John Cameron, The Mountain Mail, November 22, 2016
Chaffee County Search and Rescue North assisted three distressed hikers on three separate missions over the weekend. The missions were the first in more than 1½ months for the rescue group, which reported a busy summer season. From August to September the rescuers were averaging about one mission every other day, said Scott Anderson, vice president of Chaffee County Search and Rescue North.
Rescuers responded to a solo hiker from Virginia who called Search and Rescue around 8 p.m. Friday after becoming disoriented and cold while attempting a traverse from Mount Harvard to Mount Columbia, roughly 7 miles northwest of Buena Vista.
A headlamp the hiker was carrying failed and he was not prepared for the conditions, said Anderson. He was fortunate to have cell service, he said.
Rescuers were able to instruct the hiker over the phone to descend into Frenchman’s Creek drainage.
Teams of four rescuers each were sent into Frenchman’s Creek drainage and Three Elk drainage to search for the hiker.
At 1:15 a.m. rescuers in Frenchman’s Creek reached the hiker, who was able to signal to rescuers by using a red light setting on his headlamp, said Anderson. The hiker reported being cold and tired but uninjured.
By 5:30 a.m. everyone was out of the field, he said.
Shortly after assisting the distressed hiker on the Harvard-Columbia traverse, a woman with a broken leg at nearby Harvard Lakes made phone contact Saturday with a member of Chaffee County Search and Rescue North. The rescue group was not paged to assist the woman.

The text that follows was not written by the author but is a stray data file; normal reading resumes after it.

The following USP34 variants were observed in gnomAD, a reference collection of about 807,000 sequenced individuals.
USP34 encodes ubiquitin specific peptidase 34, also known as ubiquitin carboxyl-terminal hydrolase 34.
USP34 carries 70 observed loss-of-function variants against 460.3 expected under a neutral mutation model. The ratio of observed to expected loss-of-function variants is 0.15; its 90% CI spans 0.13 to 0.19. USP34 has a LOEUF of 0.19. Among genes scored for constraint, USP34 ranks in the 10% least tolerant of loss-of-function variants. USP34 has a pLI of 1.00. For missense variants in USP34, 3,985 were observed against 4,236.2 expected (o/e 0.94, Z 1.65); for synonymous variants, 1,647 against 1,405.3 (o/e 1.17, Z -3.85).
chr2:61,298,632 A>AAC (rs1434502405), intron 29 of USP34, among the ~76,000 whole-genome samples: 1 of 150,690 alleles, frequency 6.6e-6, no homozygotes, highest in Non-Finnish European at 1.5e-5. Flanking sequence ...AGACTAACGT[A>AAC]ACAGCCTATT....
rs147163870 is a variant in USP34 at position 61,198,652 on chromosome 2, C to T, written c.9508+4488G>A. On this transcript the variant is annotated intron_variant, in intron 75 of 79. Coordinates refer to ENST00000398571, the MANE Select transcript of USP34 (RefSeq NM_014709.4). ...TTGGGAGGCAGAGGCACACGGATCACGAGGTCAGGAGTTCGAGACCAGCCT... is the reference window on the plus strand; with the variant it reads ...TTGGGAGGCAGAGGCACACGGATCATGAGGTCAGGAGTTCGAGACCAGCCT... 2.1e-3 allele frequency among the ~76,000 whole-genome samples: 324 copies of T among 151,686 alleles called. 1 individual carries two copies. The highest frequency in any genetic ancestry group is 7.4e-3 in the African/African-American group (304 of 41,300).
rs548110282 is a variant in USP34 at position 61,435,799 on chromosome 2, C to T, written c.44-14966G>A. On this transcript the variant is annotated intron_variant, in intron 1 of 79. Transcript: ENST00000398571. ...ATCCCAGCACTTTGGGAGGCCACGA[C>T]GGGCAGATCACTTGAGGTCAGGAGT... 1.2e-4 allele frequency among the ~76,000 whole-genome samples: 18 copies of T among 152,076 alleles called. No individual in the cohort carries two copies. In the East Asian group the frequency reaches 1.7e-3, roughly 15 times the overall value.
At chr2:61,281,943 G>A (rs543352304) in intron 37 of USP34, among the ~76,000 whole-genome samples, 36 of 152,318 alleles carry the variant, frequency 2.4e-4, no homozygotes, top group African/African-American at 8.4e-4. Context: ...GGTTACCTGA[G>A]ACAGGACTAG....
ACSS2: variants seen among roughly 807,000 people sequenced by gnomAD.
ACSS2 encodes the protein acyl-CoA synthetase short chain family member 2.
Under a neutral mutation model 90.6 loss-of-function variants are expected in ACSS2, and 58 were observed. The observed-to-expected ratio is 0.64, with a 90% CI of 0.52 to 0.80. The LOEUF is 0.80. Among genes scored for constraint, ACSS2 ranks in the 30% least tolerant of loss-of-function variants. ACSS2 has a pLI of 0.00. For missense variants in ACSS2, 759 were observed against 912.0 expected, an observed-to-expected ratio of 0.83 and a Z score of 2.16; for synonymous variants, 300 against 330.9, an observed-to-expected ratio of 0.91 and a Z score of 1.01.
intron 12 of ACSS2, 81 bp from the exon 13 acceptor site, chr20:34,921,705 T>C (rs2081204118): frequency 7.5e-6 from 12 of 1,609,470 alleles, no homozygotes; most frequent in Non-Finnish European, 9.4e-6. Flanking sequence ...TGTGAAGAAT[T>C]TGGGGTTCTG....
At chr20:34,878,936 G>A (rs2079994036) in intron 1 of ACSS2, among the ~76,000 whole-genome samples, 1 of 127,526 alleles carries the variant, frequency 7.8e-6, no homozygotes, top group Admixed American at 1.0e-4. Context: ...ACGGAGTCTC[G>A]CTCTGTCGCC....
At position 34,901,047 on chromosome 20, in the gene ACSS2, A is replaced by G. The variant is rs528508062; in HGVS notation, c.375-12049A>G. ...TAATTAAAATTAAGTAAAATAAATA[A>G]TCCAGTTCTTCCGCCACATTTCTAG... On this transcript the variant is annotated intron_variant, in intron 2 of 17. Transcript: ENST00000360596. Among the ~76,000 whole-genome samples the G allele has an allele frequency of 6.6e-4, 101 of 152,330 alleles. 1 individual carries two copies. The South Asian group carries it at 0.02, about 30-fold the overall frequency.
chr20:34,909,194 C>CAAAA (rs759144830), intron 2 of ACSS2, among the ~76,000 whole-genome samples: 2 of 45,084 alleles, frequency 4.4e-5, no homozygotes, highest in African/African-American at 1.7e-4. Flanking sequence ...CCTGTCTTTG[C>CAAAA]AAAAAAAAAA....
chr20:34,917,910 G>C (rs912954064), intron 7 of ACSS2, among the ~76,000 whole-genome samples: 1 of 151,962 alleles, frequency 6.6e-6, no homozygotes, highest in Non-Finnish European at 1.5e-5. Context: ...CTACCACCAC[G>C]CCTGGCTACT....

A rescuer already in the area on horseback was able to assist the woman to medical care.
Late Saturday night, Chaffee County Search and Rescue North received a call for an overdue hiker on Mount Yale. A group of three hikers from Missouri had split up near the summit of the 14,200-foot peak, with two hikers in the group turning around and one hiker continuing to the top around 2 p.m. Saturday.
Chaffee County Search and Rescue North responded at 6 a.m. Sunday by sending four teams of two up different possible routes.
“We were not able to start the search until early the next morning when we had more information about where the overdue hiker might be,” said Anderson.
Shortly before 8 a.m. Sunday the overdue hiker was met by rescuers as he walked down the main trail from the summit, uninjured after spending the night near 13,000 feet.
“He spent the night with what little he had and that wasn’t much,” said Anderson.
Anderson recommends anyone hiking during any time of year to be prepared to spend the night outside.